Today, I just got back from theatre rehearsal. It was the first rehearsal I had been to in the last eight months.
Let me backtrack a bit. Four years ago, when I was a (very scared) freshman, one of the first things I assigned up for was stage crew. To be more exact, the theatre stage crew. It had been something I wanted to do for the longest time ever since high school. And when I came to Villanova University, I finally started doing what I always wanted to do.
The first two years in stage crew were my favorite years. Sure, I was still very quiet and timid, but I did have friends in there. Or at least people I could talk to without feeling too awkward. Along with that, I was learning how to do sound for theatre.
And then my junior year of college started. I'm not quite what happened over the summer, but something must have happened because suddenly, stage crew, tech, whatever you prefer to call it, the actors and those outside of tech, they didn't really seem to appreciate the work we put in. To be more exact, I started to feel excluded from the whole musical theatre group simply because I wasn't as outgoing as them and because I was a techie. But still, I held onto the group. I didn't join for the people, after all- I joined because I wanted to do tech. I wanted to and loved doing sound for the shows.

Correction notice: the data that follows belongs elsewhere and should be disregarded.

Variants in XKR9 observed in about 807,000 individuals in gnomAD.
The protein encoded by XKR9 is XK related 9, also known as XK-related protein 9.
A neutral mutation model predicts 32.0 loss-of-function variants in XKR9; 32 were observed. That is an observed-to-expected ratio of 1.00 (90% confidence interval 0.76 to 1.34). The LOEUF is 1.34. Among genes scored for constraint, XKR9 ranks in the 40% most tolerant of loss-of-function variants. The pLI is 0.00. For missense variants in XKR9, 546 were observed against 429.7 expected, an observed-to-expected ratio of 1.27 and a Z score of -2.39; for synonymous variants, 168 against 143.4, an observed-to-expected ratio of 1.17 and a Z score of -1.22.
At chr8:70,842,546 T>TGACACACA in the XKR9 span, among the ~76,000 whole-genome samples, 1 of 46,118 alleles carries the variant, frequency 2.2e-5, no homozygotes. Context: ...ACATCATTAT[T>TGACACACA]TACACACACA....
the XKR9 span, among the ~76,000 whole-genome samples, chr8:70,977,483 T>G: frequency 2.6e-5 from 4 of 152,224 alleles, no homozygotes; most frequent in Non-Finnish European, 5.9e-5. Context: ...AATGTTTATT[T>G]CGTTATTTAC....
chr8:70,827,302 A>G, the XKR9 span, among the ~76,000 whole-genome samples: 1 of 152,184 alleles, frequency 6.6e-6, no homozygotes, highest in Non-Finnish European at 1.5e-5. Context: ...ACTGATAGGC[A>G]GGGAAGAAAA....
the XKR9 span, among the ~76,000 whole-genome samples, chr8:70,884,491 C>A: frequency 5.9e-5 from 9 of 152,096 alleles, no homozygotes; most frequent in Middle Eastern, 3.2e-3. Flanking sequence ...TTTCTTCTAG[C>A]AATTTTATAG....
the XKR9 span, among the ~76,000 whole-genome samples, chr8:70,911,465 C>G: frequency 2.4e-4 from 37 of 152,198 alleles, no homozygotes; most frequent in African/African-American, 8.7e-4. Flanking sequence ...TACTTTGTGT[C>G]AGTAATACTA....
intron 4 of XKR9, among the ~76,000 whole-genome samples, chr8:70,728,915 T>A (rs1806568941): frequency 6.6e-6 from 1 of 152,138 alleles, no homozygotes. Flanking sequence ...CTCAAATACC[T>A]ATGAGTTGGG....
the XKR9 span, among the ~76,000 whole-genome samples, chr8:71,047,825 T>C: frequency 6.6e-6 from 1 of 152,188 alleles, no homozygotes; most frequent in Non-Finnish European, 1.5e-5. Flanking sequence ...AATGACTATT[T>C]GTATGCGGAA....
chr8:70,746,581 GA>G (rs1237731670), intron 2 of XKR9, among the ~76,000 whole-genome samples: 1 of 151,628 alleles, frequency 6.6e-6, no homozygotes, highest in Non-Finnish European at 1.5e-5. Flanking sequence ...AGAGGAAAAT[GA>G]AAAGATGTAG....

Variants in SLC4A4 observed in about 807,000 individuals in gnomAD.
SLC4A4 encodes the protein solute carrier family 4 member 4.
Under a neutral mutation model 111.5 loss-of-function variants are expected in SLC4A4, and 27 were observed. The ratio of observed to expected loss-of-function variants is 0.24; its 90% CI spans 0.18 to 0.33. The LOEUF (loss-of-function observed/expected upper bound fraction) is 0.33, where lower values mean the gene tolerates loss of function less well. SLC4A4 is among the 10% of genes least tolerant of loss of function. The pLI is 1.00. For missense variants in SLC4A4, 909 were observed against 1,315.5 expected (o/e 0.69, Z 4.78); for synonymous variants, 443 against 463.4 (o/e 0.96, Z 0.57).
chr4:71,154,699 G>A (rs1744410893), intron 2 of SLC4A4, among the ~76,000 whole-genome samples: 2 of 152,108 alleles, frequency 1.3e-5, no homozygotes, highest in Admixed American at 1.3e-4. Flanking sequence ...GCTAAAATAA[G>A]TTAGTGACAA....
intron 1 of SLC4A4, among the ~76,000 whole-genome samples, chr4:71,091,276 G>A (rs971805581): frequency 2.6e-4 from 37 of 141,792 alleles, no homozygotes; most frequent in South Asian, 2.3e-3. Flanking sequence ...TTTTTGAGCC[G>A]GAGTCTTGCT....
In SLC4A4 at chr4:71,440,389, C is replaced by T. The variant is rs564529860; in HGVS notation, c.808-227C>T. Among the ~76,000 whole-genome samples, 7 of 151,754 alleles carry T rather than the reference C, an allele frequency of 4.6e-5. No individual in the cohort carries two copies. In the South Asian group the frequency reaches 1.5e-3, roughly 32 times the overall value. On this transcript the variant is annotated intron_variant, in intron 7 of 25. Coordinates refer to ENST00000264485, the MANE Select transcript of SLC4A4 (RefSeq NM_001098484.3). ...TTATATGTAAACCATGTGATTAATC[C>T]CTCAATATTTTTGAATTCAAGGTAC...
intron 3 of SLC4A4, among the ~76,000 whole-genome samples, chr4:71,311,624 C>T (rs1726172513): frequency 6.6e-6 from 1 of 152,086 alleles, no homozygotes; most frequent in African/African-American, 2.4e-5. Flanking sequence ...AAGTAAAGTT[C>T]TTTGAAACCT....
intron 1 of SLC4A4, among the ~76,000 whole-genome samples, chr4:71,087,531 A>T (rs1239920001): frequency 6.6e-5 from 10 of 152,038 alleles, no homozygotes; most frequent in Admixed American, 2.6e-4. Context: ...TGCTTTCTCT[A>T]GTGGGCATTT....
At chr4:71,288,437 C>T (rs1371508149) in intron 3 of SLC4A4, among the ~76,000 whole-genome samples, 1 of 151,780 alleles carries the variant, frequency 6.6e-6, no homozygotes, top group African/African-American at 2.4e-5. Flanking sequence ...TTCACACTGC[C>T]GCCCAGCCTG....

And then the spring semester of my junior year happened. I won't go into too much detail, but let's just say, even though I had three years worth of experience with sound and with the organization, the people I was working with didn't give me the respect or the trust I deserved. I ended up crying twice because of the stress of that show and when I tried to let someone there know I needed support, they didn't take it seriously. It also didn't help that most of my friends from earlier either had graduated or weren't working on this particular show.
That's when I quit the organization I had put so much time and effort into over the years. It was detrimental to my mental health- if I stayed, despite loving the work I did there, I would have still been miserable.
So what's the point of this story? Sometimes no matter how much you love an activity, the people really do make or break the experience. Sometimes, even though you might really love doing something, the people around you may make you hate it at the moment. In those times, you should take a step back from it, take a step away from those people. In that time, you'll remember why you loved doing that activity so much you'll want to do it again, despite the memories of before. No person has a right to make something that you love doing miserably for you.
And if you love that thing enough, you'll find some other way to do it. Not with the people from before, but better people. I know did. I found a different theatre club, who needed techies for their show.
And now I'm back. Doing exactly what I love with the right people.
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